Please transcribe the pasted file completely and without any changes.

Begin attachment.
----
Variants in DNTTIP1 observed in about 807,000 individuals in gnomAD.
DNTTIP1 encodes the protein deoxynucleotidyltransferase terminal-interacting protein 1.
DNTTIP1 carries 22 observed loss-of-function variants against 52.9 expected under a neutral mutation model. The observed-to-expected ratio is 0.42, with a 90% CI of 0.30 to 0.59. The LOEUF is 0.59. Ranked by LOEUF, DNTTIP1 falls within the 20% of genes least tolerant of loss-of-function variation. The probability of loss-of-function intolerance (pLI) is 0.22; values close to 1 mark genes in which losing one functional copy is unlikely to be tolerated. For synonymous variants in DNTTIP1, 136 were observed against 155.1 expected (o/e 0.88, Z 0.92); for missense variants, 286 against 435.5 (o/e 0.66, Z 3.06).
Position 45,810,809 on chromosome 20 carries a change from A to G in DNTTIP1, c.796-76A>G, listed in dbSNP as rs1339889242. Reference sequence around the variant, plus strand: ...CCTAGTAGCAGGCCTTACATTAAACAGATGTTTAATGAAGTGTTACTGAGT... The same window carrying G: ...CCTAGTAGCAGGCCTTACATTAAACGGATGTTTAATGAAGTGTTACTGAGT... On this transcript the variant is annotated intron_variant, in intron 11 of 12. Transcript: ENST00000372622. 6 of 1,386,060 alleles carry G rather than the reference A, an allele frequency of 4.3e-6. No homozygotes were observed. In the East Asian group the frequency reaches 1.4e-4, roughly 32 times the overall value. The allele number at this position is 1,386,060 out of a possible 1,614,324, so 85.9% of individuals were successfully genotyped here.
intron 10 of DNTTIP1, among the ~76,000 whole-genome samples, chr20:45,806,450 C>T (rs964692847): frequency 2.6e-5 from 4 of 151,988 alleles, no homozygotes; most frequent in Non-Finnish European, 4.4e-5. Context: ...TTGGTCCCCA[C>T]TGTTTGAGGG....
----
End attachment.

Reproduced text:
Variants in DNTTIP1 observed in about 807,000 individuals in gnomAD.
DNTTIP1 encodes the protein deoxynucleotidyltransferase terminal-interacting protein 1.
DNTTIP1 carries 22 observed loss-of-function variants against 52.9 expected under a neutral mutation model. The observed-to-expected ratio is 0.42, with a 90% CI of 0.30 to 0.59. The LOEUF is 0.59. Ranked by LOEUF, DNTTIP1 falls within the 20% of genes least tolerant of loss-of-function variation. The probability of loss-of-function intolerance (pLI) is 0.22; values close to 1 mark genes in which losing one functional copy is unlikely to be tolerated. For synonymous variants in DNTTIP1, 136 were observed against 155.1 expected (o/e 0.88, Z 0.92); for missense variants, 286 against 435.5 (o/e 0.66, Z 3.06).
Position 45,810,809 on chromosome 20 carries a change from A to G in DNTTIP1, c.796-76A>G, listed in dbSNP as rs1339889242. Reference sequence around the variant, plus strand: ...CCTAGTAGCAGGCCTTACATTAAACAGATGTTTAATGAAGTGTTACTGAGT... The same window carrying G: ...CCTAGTAGCAGGCCTTACATTAAACGGATGTTTAATGAAGTGTTACTGAGT... On this transcript the variant is annotated intron_variant, in intron 11 of 12. Transcript: ENST00000372622. 6 of 1,386,060 alleles carry G rather than the reference A, an allele frequency of 4.3e-6. No homozygotes were observed. In the East Asian group the frequency reaches 1.4e-4, roughly 32 times the overall value. The allele number at this position is 1,386,060 out of a possible 1,614,324, so 85.9% of individuals were successfully genotyped here.
intron 10 of DNTTIP1, among the ~76,000 whole-genome samples, chr20:45,806,450 C>T (rs964692847): frequency 2.6e-5 from 4 of 151,988 alleles, no homozygotes; most frequent in Non-Finnish European, 4.4e-5. Context: ...TTGGTCCCCA[C>T]TGTTTGAGGG....